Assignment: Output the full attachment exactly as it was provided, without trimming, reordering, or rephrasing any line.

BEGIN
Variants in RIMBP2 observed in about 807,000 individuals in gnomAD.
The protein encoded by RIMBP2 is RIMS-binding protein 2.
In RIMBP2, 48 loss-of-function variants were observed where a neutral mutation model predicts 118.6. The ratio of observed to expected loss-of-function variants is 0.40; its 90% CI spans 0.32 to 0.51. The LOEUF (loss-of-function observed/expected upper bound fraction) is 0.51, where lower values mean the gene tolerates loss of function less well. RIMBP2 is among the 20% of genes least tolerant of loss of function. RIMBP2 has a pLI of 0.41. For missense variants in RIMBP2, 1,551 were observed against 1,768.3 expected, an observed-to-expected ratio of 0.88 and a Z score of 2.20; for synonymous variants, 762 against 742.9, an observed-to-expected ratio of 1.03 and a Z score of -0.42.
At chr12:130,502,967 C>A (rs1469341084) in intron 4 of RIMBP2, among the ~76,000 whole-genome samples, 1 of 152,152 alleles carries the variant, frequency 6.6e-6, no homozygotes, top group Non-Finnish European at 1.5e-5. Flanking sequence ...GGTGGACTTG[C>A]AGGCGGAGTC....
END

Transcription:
Variants in RIMBP2 observed in about 807,000 individuals in gnomAD.
The protein encoded by RIMBP2 is RIMS-binding protein 2.
In RIMBP2, 48 loss-of-function variants were observed where a neutral mutation model predicts 118.6. The ratio of observed to expected loss-of-function variants is 0.40; its 90% CI spans 0.32 to 0.51. The LOEUF (loss-of-function observed/expected upper bound fraction) is 0.51, where lower values mean the gene tolerates loss of function less well. RIMBP2 is among the 20% of genes least tolerant of loss of function. RIMBP2 has a pLI of 0.41. For missense variants in RIMBP2, 1,551 were observed against 1,768.3 expected, an observed-to-expected ratio of 0.88 and a Z score of 2.20; for synonymous variants, 762 against 742.9, an observed-to-expected ratio of 1.03 and a Z score of -0.42.
At chr12:130,502,967 C>A (rs1469341084) in intron 4 of RIMBP2, among the ~76,000 whole-genome samples, 1 of 152,152 alleles carries the variant, frequency 6.6e-6, no homozygotes, top group Non-Finnish European at 1.5e-5. Flanking sequence ...GGTGGACTTG[C>A]AGGCGGAGTC....